The funky rhythms, jazz-infused keys and smouldering vocals on Sonny Boy Williamson II’s “One Way Out “are a tribute to The Allman Brothers, providing a fitting finale to a show which really needs to be experienced live to be believed.

--- Dave Scott

BB King Blues BandB.B. King left us a few years ago, but the 10 musicians who often backed him on tour are still around and still capable of playing the blues at a very high level. They all got together for this particular session, billing themselves simply as The BB King Blues Band, bringing in an all-star cast of special guests for The Soul of the King (Ruf Records). As expected, this is an outstanding album with 13 cuts, many of them B.B. standards. Blues fans are going to be familiar with most of the songs here, but The Soul of the King doesn't come across as being done by a bunch of B.B. King imitator. Instead, the band and guests wound up putting a lot of their own personalities and styles into the recordings.

Of course, "Sweet Little Angel" is here, but guest vocalist / guitarist Kenny Neal gives it more of his swamp blues sound. The other B.B. standard, this one closing the disc, is "The Thrill Is Gone," given more of a funky treatment with vocals and guitar from Michael Lee, who did this song when a contestant on NBC's The Voice talent show. This young man has a voice with plenty of soul, and we hear it on this number.

Diunna Greanleaf takes it to church on the slow blues "There Must Be A Better World Somewhere," with astounding alto sax playing from Eric Demmer. In fact, Demmer is the unsung star of this collection, and he's certainly worthy of having an album of his own someday soon. Demmer also stars on the blues shuffle "Paying The Cost To Be The Boss," with vocals shared by Mary Griffin and Taj Mahal. It's a killer cut, with Ms. Griffin's voice being a real revelation to those of us not familiar with her work. We later hear more from Demmer when he also handles vocals on the slow blues "She's The One." Yes sir, this man can do it all!

"Low Down" has a real New Orleans second line vibe to it, thanks to trumpet by Lamar Boulet and tuba from Kirk Joseph. It was written by bandleader / guitarist Russell Jackson who takes the lead vocals. Another tune that takes us down to the river is "Becoming The Blues," with Jackson and Greenleaf sharing vocals while Neal blows some nice harmonica.

James "Boogaloo" Bolden handles the vocals on his own composition, the funky "Hey There Pretty Woman," which also serves as still another opportunity for Demmer's wonderful sax playing. As I said before, someone please give this man a starring role. Bolden returns for another of his own numbers, the mid-tempo shuffle, "Here Today, Gone Tomorrow," with plenty of brass behind him. Darrell Lavigne contributes some mighty fine piano playing to this number.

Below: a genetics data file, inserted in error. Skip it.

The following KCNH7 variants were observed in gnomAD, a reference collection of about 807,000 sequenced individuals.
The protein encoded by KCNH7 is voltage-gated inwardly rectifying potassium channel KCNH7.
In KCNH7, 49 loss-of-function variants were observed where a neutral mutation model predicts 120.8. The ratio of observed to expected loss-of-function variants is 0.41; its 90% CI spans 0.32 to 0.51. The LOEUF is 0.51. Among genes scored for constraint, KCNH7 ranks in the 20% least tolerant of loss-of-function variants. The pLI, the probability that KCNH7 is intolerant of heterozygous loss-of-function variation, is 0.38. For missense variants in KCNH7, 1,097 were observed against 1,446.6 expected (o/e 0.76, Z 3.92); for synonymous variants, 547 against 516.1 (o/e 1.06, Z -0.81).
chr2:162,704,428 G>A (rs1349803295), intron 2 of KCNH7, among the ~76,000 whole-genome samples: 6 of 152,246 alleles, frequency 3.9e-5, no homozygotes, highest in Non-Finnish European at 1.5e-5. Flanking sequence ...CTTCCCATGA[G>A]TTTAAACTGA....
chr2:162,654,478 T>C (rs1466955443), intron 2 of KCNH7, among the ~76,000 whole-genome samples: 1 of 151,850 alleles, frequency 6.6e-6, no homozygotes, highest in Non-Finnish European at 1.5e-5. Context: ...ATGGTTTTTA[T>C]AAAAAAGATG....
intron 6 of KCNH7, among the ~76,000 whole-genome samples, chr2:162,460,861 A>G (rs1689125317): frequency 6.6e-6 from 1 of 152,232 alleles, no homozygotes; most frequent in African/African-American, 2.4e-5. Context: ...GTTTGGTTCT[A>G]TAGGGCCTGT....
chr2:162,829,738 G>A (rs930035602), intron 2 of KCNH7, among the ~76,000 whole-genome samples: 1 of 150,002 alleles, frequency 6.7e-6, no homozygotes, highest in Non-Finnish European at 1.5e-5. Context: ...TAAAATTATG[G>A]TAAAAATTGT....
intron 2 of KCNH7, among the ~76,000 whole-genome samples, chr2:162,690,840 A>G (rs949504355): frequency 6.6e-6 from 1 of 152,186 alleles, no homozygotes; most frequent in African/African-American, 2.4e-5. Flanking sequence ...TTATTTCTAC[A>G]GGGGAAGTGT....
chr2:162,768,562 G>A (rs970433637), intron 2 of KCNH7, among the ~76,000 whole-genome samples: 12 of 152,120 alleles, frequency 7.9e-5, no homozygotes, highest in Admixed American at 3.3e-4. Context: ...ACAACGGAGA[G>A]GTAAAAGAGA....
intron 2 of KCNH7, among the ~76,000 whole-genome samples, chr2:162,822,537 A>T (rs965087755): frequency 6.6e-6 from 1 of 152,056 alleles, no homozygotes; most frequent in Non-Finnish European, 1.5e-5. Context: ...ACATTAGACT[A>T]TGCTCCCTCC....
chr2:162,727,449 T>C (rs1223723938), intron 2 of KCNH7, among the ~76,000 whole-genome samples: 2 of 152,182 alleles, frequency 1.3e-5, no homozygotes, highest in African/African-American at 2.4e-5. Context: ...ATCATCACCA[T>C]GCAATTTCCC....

"Regal Blues (A Tribute To The King)" features Joe Louis Walker on both guitar and vocals as he sings about how B.B. influenced his career --- "... When I first heard Lucille, it knocked me out, yeah rock me baby, made me jump and shout, went down and bought me a guitar, Lord, I tried to figure it out ..." It's a mid-tempo blues shuffle with solid guitar solos from JLW and plenty of brassy horn accompaniment.

Not only does The Soul of the King give us a chance to hear different versions of blues classics, but also provides some lesser-known blues cats a chance in the limelight. There are more songs than what I mentioned and they're all good, so don't hesitate to add this album to your collection.

--- Bill Mitchell

Tony CampanellaI didn't think I was going to like Taking It To The Street (Gulf Coast Records) by St. Louis guitarist Tony Campanella when I first popped it into my CD player. The guitar playing was more rocked out than I usually like and at first I didn't think too much of Campanella's vocals. I'm glad I resisted the temptation to toss it aside, because the more I listened to Taking It To The Street the more I liked it. The music started to grow on me after a couple of cuts. The album was produced by Mike Zito, who seems to have his hand in quite a few recordings over the last few years, and features a tight band consisting of Campanella, bass guitarist Terry Dry, drummer Matt Johnson and keyboard player Lewis Stephens, as well as Zito sitting in on rhythm and slide guitar.

The number that drips with blues the most is the slow tune "One Foot In The Blues," with heavy, echo-ey tone to Campanella's guitar playing. The cover of Eddie Vinson's "Mr. Cleanhead" is another solid slow blues, appropriate for Campanella since he keeps his own pate pretty clear of follicles. His best vocal work is heard here as well as more tasteful, restrained guitar. Nice organ accompaniment from Stephens, too.

Sonny Boy Williamson's "Checking On My Baby" gets a good treatment with a little funk inserted. I especially like Campanella's more intricate blues licks on this one. The up-tempo blues shuffle, "My Motor's Running," co-written by Zito and executive producer Guy Hale, is one of the better cuts with nice guitar work from Campanella.

Taking It To The Street closes with a Campanella compositon, the slow, soulful blues "Those Are The Times." There's plenty of emotion packed into this song, although at times his vocals need to show a little more power for the proper effect.

This album is worth checking out, especially if you're into the more rockin' side of the blues. If you find yourself in St. Louis, don't hesitate to check out Mr. Campanella and his band at some venue around the city.

--- Bill Mitchell